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Karl-Anthony Towns is opening up about his difficult year after suffering the loss of eight family members due to COVID-19, including his mother.
The 25-year-old professional basketball player for the Minnesota Timberwolves joined actress Taraji P. Henson for an episode of her Facebook Watch series Peace of Mind With Taraji, where they discussed the impact that the coronavirus has had on his family. Most importantly, Towns went into the mental health implications of suffering numerous losses and revealed how he's coping.
"You never know how serious anything is until it lands at your doorstep," he said, sharing that the virus didn't seem "really concerning" until people close to him began suffering. Towns himself even landed in the hospital because of his own battle with the disease. "It was bad," he shared. Still, no pain came close to that which he experienced while watching his mom lose her life.
"It was difficult because as her son and someone who loves her so dearly, I just didn’t want to see her in pain. So I was trying to do everything possible to make her comfortable and get her better quicker. So I was doing everything in my power and she was getting worse," he explained. "I flew in, I put the hazmat suit on and everything and I went in there. I was like, if anyone’s gonna go see her out, I’m gonna see her out. I’ve spent like seven hours with her and I knew it was gonna be the last time so I was kind of working that out."
Ultimately, Jacqueline Cruz died from a blood clot that resulted from the swelling that took place on April 13, 2020 — the same day that she was supposed to be taken off of the ventilator.
"That day changed me as a man. I’m never gonna get that innocent young boy back," Towns said. "Ever since that day, I feel like the world just made me a little colder."
While Towns's father is healthy at home, he too was sick with COVID at the same time as his wife. The couple even shared a hospital room. "My dad was right next to her in the room," the athlete recalled. "So they both were in the same room with each other and then he started turning the corner and she didn’t."
Even after losing seven other family members to the coronavirus, Towns admitted that he's dealt with survivor's guilt in watching the suffering that so many others have also faced.
"I felt really bad because I was like I wish that other families who weren’t making max money in the NBA could get the same treatment and share more memories with each other," he explained. "I don’t want anyone to feel the way I felt. So I felt a lot of survivor’s guilt because I was just like I wish they had the resources I have."
Still, Towns is struggling to use the resources he has, admitting "I have not gotten therapy" since the death of his mom. "I’m a big advocate for it, I think it’s a great thing. I just didn’t have time to drop everything off my shoulders. It was not a time where I could drop the ball, I couldn’t let emotion, fear get over me and stuff like that," he continued. "I didn’t want to go to therapy and not be ready to talk because then I’m just sitting there. I could bullshit my way through anything, I could give you the sense of feeling but no feelings. If I go in there, I gotta be ready to talk. And I wasn’t there."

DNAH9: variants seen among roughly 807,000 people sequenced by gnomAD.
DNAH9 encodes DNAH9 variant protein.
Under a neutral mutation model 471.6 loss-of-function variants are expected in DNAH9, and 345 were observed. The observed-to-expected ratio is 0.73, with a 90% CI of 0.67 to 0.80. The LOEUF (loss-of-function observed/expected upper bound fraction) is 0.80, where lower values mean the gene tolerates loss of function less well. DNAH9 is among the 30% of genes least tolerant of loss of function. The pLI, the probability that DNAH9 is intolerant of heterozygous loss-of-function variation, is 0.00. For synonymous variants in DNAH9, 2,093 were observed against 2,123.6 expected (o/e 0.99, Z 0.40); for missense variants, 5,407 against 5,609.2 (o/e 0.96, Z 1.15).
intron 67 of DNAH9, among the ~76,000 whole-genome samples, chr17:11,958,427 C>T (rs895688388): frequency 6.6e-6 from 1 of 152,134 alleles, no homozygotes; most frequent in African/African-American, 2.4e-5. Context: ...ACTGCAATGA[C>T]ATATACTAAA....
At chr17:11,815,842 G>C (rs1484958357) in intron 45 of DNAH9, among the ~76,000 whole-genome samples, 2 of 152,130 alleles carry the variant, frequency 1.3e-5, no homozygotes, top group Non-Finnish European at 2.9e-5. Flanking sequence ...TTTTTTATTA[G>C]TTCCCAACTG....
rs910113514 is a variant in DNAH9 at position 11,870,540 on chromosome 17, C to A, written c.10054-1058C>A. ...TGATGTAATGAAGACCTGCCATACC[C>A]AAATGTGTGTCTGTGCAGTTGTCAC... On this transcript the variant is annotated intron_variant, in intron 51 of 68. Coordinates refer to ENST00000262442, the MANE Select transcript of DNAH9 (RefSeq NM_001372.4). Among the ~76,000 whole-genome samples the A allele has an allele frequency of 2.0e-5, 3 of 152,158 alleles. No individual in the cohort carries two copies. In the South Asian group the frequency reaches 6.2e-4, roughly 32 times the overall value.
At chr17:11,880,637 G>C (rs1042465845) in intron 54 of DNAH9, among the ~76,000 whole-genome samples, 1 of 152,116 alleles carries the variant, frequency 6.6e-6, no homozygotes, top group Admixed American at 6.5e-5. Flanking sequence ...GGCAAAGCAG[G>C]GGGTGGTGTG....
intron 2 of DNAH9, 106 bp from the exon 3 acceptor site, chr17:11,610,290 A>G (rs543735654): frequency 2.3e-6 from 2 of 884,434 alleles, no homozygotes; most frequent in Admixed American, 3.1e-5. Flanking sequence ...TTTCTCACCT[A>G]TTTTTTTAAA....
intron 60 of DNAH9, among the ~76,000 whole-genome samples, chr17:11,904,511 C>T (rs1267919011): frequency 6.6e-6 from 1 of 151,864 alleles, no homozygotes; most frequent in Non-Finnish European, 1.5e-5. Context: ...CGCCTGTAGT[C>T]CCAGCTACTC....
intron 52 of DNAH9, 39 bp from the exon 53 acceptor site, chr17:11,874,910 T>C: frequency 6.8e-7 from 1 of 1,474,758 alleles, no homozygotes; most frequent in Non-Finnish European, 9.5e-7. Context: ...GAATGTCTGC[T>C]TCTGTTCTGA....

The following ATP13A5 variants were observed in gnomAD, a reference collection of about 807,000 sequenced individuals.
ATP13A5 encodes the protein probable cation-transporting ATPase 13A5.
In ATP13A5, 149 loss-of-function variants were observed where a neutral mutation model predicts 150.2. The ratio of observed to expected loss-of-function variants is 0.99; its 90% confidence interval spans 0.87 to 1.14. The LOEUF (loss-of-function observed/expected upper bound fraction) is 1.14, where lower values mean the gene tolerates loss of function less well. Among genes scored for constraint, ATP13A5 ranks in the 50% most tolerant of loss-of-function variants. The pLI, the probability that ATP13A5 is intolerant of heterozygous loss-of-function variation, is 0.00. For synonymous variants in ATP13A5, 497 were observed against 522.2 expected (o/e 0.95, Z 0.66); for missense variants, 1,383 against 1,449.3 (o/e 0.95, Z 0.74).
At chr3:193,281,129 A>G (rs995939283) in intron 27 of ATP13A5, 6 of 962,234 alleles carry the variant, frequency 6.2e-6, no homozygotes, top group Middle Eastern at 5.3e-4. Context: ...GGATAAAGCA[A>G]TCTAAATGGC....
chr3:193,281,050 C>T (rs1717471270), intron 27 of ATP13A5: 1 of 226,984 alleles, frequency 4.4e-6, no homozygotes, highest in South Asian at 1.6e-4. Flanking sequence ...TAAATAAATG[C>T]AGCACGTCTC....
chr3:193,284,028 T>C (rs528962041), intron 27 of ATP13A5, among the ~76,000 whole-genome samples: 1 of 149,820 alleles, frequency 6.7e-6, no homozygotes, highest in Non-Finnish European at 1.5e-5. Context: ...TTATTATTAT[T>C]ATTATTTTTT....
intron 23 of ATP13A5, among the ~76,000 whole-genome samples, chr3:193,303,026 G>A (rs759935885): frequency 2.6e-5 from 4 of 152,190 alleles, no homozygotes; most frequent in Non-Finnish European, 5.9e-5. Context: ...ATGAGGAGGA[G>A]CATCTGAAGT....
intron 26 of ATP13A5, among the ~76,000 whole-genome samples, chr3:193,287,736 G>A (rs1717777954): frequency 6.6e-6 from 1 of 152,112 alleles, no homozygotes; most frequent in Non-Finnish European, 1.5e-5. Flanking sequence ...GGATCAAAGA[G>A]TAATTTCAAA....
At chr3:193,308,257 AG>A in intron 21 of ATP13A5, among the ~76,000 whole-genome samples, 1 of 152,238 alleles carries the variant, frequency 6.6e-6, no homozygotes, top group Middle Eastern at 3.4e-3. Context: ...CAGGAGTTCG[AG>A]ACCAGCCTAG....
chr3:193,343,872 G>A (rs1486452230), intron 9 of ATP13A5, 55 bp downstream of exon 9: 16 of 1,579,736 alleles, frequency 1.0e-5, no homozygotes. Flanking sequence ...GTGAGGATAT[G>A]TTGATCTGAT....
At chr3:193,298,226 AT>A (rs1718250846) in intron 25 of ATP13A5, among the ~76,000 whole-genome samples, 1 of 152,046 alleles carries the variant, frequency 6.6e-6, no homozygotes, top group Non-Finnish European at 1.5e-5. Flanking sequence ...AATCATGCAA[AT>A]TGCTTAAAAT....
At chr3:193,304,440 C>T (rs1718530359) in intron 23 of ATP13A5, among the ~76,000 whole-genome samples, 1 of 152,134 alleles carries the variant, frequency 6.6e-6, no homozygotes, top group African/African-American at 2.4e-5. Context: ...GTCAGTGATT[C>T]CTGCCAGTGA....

Instead, he credits his girlfriend Jordyn Woods for helping him get through the difficult times.
"A woman that meant so much to me in my life left my life to be replaced by another woman to take that spot," he said of the passing of his mother just before he was dating the 24-year-old influencer.
"It’s crazy cause we were best friends. I feel like in a way when my mom passed she’s like, I’m not gonna leave you alone. I’m gonna make sure you know who you’re supposed to be with," Towns explained. "[Woods] lost her father four years ago I believe, so I leaned on her because she’s one of those only people who would actually know how I was feeling and what was going through because she was super close with her father just like I was super close with my mother."
Beyond Woods's guidance through his personal journey with grief, Towns said that his girlfriend has taught him a lot more about being a man in this world. "It was not until I got with Jordyn I learned the most important lesson, which was probably the most dangerous lesson of all too. The male ego is the most sensitive and most dangerous thing the world has to offer," he said. "Kind of that notion about males you know don’t cry, they don’t have emotion. They just deal with everything internally. I felt that just wasn’t healthy, especially for where I was in life. It wasn’t healthy for me and I felt that if I was already growing through, most likely there’s another person that’s going through something like me or even worse and they just need someone to say it’s OK, and I just wanted to be that person."
Now, the athlete says that he brings his new approach to mental health with him to the basketball court where he's working to teach his teammates about the importance of maintaining a healthy mind not only through the pandemic but also through the Black Lives Matter movement, which holds significance in Minnesota where his NBA team is based.
"I take the health and mental health of my brothers or teammates, who I call my family, I take it very serious as if it was mine. And for me to be in Minnesota with Philando Castile, George Floyd, it’s hard for me to step into a locker room with so many men of color and try to tell them that their wives of color, their kids of color will be safe here when I don’t even feel safe," he admitted. "After obviously COVID, family stuff and everything, it was a whole different approach. I really learned that you can’t be so worried about being perfect. You just gotta be the best version of yourself. Time runs out."